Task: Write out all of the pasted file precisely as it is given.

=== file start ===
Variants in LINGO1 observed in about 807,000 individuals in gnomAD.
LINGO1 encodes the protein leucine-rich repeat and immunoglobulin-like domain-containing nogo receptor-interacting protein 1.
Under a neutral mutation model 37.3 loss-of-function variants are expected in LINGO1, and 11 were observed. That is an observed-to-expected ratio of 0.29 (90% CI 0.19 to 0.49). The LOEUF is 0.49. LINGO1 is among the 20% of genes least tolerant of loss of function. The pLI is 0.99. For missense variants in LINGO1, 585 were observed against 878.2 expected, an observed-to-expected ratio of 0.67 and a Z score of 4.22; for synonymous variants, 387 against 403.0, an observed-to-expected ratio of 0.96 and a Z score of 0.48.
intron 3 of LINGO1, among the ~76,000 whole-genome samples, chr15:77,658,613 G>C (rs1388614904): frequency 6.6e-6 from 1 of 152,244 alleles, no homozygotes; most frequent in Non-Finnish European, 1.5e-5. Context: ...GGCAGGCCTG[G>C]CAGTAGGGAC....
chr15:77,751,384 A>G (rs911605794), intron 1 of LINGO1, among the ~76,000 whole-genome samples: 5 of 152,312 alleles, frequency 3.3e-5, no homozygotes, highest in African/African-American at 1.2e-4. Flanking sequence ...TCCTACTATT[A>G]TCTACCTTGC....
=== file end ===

Variants in LINGO1 observed in about 807,000 individuals in gnomAD.
LINGO1 encodes the protein leucine-rich repeat and immunoglobulin-like domain-containing nogo receptor-interacting protein 1.
Under a neutral mutation model 37.3 loss-of-function variants are expected in LINGO1, and 11 were observed. That is an observed-to-expected ratio of 0.29 (90% CI 0.19 to 0.49). The LOEUF is 0.49. LINGO1 is among the 20% of genes least tolerant of loss of function. The pLI is 0.99. For missense variants in LINGO1, 585 were observed against 878.2 expected, an observed-to-expected ratio of 0.67 and a Z score of 4.22; for synonymous variants, 387 against 403.0, an observed-to-expected ratio of 0.96 and a Z score of 0.48.
intron 3 of LINGO1, among the ~76,000 whole-genome samples, chr15:77,658,613 G>C (rs1388614904): frequency 6.6e-6 from 1 of 152,244 alleles, no homozygotes; most frequent in Non-Finnish European, 1.5e-5. Context: ...GGCAGGCCTG[G>C]CAGTAGGGAC....
chr15:77,751,384 A>G (rs911605794), intron 1 of LINGO1, among the ~76,000 whole-genome samples: 5 of 152,312 alleles, frequency 3.3e-5, no homozygotes, highest in African/African-American at 1.2e-4. Flanking sequence ...TCCTACTATT[A>G]TCTACCTTGC....